T-Mobile’s newly unveiled myTouch and myTouch Q might have not enjoyed much attention from the wide public with their rather modest specs and mundane appearances, but they are now certainly under the spotlight. The phones are not under scrutiny for the best of reasons, but, hey, there’s no such thing as bad publicity, is there?
T-Mo started selling the mid-rangers about two weeks back, and the first few online reviews didn’t praise the handhelds, but they didn’t completely put them down either. One particular detail seemed to disappoint though – the 5 MP rear-facing cameras. You know that trick the Nokia did with its PureView 808? Well this isn’t as cool, and to be quite honest, I think we can all understand why consumers might be a bit irked at the idea the spec sheet isn’t telling the whole truth.
It didn’t take long for restless tech journalists to get to the bottom of the issue, and Mike Gikas from Consumer Reports dropped the bomb a while ago. It therefore seems that the advertised 5 MP “shooters” can’t actually shoot 5 MP photos, but only 3.9-megapixel images. And that’s at the highest settings.
The story behind the headlines is this: the maximum resolution at which the two phones can snap photos is apparently 2560 x 1536 pixels, which translates into 3.9 MP images with a 16:9 aspect ratio. The aspect ratio is key here, as most fully functional 5 MP cameras would take photos at 4:3 with a max resolution of 2560 x 1920 pix. You can say the problem is that the phones’ shooters crop images by default for some reason to deliver them at the “best quality”, but sacrifice a full megapixel in the process.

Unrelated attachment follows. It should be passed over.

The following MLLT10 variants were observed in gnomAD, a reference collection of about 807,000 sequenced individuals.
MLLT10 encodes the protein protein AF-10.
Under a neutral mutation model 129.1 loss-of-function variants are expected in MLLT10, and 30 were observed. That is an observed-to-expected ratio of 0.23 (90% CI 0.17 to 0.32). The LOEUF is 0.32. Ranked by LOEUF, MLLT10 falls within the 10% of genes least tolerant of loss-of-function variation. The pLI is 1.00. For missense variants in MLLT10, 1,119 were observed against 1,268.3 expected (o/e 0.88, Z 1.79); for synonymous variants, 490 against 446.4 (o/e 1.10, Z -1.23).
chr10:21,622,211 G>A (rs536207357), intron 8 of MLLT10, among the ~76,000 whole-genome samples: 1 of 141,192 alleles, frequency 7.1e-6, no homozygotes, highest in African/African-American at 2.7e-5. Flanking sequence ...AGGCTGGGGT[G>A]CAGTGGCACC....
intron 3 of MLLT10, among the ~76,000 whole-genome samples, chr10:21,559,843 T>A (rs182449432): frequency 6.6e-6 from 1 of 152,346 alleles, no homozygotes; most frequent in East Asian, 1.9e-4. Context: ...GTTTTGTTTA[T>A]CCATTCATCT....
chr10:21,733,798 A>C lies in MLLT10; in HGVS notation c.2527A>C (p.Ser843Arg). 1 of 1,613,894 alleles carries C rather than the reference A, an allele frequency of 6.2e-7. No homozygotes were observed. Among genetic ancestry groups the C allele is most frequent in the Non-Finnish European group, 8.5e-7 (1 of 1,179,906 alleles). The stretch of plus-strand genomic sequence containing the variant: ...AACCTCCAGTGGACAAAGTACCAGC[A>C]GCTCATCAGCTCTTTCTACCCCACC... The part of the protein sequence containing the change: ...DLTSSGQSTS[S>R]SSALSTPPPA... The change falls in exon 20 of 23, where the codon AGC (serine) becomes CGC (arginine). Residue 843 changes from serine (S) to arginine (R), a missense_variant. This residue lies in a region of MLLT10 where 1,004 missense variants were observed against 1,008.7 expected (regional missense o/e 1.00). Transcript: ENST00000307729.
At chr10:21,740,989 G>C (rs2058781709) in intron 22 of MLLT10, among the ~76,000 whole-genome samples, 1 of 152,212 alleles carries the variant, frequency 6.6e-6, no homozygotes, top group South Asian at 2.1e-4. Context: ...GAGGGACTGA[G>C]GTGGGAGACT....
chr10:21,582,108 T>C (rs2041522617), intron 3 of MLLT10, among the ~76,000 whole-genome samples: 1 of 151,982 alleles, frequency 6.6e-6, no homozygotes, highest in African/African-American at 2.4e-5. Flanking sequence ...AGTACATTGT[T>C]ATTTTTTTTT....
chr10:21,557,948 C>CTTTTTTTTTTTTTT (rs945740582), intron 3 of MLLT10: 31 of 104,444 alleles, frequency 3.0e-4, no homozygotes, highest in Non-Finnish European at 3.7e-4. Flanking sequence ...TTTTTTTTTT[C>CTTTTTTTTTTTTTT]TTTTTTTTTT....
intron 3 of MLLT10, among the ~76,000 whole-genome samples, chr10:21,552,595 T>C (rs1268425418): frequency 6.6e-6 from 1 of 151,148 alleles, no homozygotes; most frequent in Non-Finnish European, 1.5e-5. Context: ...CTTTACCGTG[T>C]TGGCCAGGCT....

Before jumping at T-Mobile’s throat for lying to customers, you should know that the cameras’ glitches aren’t tied to the hardware of the handhelds, but are in fact software-related. Both the myTouch and myTouch Q run Android 2.3 Gingerbread and, while the aging mobile OS version should have no problem in supporting even higher quality cameras, in this particular case we’re dealing with some kind of a bug. This being said, we’d like to note the aforementioned is a non-standard resolution, so it’s not surprising that this should happen. The app was probably made for a standard resolution phone!
The good news is that the issue should be easily solved with a software update, with myTouch adopters then being able to enjoy their cameras’ 5 MP sensors at their fullest. The even better news is that T-Mobile might start considering updating the new phones to Android 4.0 ICS to ensure the problem will be left behind. That’s just wishful thinking, so don’t get overly excited.
On the other hand, it’s pretty obvious that Magenta officials knew about the camera glitch and tried to conceal it, falsely advertising the two phones as being equipped with 5 MP cameras. In the meantime, if you have a MyTouch and are eager to get your full resolution, you can always try out Camera ICS+ or select from the myriad of other 3rd party camera apps out there in Google Play.
Do you agree that T-Mo should have given us a heads up? Are you still considering purchasing any of the two phones? And do you think this “bad publicity” could actually drive myTouch sales forward?